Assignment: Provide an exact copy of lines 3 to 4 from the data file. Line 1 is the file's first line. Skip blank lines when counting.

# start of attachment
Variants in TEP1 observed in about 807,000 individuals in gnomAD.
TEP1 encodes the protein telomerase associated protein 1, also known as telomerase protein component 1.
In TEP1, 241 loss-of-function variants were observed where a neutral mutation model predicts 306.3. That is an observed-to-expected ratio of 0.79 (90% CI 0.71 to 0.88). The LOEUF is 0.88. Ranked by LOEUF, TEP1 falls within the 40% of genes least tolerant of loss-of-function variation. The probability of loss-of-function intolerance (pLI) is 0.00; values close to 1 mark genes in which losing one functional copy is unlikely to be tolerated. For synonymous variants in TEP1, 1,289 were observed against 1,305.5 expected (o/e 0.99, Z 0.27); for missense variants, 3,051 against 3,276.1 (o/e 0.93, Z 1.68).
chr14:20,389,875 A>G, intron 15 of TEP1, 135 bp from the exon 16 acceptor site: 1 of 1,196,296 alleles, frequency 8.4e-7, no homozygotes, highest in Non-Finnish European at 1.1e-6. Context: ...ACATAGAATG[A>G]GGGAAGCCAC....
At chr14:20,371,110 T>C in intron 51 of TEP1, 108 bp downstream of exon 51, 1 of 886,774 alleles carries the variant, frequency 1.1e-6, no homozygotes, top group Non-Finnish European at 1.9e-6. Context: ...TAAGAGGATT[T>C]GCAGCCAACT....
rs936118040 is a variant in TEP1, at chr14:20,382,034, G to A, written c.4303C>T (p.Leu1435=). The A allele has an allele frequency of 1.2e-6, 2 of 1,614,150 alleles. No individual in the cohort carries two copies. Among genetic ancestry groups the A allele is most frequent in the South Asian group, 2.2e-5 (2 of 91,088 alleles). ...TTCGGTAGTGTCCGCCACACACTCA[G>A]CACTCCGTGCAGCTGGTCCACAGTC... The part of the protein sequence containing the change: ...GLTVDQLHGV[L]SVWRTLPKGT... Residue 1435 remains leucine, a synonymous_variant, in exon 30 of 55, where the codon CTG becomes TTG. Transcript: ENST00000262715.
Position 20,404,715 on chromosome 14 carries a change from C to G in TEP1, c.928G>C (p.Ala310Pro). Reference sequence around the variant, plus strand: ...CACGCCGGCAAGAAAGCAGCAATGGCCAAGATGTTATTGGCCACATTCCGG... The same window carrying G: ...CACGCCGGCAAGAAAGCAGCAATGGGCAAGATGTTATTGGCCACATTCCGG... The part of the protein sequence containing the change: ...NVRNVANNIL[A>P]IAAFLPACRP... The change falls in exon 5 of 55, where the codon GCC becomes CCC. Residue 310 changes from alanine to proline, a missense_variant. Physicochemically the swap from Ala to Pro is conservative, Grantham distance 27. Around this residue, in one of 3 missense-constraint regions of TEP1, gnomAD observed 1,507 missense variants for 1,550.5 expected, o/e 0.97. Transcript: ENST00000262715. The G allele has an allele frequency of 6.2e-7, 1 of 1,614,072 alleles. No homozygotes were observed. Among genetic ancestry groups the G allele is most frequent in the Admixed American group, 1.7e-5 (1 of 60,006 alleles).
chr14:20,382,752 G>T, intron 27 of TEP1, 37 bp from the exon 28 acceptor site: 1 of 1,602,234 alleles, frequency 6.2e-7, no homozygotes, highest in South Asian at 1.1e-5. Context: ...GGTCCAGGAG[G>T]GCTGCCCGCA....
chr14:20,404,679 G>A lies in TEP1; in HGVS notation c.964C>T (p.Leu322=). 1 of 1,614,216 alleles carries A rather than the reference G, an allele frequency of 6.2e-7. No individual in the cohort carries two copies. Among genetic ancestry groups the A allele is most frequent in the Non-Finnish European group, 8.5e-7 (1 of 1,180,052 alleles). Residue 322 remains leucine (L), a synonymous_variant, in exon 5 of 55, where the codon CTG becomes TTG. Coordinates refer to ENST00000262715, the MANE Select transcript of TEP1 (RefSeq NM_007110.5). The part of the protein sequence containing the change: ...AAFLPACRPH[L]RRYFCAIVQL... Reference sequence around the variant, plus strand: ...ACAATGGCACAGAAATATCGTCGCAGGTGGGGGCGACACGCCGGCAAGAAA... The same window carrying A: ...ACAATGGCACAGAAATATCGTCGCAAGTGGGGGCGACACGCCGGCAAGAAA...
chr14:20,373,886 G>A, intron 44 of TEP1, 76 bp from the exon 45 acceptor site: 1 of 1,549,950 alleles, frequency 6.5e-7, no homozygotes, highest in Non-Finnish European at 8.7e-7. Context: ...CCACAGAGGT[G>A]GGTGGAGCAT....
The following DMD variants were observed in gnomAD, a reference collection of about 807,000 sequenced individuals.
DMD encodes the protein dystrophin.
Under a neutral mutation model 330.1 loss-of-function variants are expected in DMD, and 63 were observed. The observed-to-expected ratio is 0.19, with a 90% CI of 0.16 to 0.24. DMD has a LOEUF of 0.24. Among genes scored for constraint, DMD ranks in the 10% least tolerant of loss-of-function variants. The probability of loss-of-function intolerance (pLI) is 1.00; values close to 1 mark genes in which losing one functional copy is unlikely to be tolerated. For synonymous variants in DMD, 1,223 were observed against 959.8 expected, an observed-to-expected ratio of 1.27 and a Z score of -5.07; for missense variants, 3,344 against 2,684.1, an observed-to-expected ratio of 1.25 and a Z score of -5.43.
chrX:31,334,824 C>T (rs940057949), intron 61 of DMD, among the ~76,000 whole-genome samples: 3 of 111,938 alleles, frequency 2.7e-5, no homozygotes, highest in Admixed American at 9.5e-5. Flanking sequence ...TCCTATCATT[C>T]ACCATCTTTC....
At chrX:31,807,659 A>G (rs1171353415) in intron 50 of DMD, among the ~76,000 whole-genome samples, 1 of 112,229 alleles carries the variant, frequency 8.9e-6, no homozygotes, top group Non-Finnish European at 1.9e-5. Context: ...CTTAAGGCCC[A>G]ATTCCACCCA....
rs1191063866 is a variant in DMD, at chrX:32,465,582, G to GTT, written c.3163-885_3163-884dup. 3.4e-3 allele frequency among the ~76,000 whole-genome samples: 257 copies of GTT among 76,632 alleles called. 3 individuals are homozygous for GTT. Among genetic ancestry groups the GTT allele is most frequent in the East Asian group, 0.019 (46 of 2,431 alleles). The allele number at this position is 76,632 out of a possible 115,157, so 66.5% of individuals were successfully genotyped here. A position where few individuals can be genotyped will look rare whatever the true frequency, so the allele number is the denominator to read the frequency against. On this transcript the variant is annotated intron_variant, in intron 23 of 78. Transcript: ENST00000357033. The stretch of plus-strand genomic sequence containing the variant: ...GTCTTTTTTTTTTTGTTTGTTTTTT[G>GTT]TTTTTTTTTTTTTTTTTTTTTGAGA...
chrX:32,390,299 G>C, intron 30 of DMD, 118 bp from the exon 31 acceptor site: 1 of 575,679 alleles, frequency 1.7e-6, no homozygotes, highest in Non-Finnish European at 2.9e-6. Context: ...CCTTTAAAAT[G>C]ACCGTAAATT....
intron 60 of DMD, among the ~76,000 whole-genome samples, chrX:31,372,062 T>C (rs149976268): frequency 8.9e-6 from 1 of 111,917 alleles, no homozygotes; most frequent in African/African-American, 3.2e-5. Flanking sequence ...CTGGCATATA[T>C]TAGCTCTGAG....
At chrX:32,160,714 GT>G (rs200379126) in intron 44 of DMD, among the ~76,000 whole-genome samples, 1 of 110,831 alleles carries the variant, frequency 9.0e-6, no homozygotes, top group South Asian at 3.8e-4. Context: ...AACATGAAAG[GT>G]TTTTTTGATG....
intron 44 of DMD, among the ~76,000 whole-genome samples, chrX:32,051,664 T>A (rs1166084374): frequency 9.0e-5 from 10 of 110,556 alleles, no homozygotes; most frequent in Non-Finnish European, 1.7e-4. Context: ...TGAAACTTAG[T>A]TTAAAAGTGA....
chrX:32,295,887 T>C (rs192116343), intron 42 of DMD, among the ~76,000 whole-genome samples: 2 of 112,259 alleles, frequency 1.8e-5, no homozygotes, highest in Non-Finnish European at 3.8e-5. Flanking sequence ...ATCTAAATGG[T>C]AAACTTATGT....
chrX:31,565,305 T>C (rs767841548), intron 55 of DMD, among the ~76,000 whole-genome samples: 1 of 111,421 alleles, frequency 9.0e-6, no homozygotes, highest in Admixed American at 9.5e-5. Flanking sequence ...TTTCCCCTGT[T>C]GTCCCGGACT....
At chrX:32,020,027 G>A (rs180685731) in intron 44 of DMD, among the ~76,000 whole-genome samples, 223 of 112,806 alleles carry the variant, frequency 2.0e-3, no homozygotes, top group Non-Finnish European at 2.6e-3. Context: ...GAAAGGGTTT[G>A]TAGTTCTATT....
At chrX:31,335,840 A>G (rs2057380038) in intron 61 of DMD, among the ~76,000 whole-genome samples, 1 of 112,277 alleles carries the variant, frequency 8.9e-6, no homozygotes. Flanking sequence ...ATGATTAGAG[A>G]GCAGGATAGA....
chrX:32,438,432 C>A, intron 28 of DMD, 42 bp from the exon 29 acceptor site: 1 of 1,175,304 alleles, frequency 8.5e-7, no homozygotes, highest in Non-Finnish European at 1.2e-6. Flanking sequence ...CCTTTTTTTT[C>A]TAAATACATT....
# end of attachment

In TEP1, 241 loss-of-function variants were observed where a neutral mutation model predicts 306.3. That is an observed-to-expected ratio of 0.79 (90% CI 0.71 to 0.88). The LOEUF is 0.88. Ranked by LOEUF, TEP1 falls within the 40% of genes least tolerant of loss-of-function variation. The probability of loss-of-function intolerance (pLI) is 0.00; values close to 1 mark genes in which losing one functional copy is unlikely to be tolerated. For synonymous variants in TEP1, 1,289 were observed against 1,305.5 expected (o/e 0.99, Z 0.27); for missense variants, 3,051 against 3,276.1 (o/e 0.93, Z 1.68).
chr14:20,389,875 A>G, intron 15 of TEP1, 135 bp from the exon 16 acceptor site: 1 of 1,196,296 alleles, frequency 8.4e-7, no homozygotes, highest in Non-Finnish European at 1.1e-6. Context: ...ACATAGAATG[A>G]GGGAAGCCAC....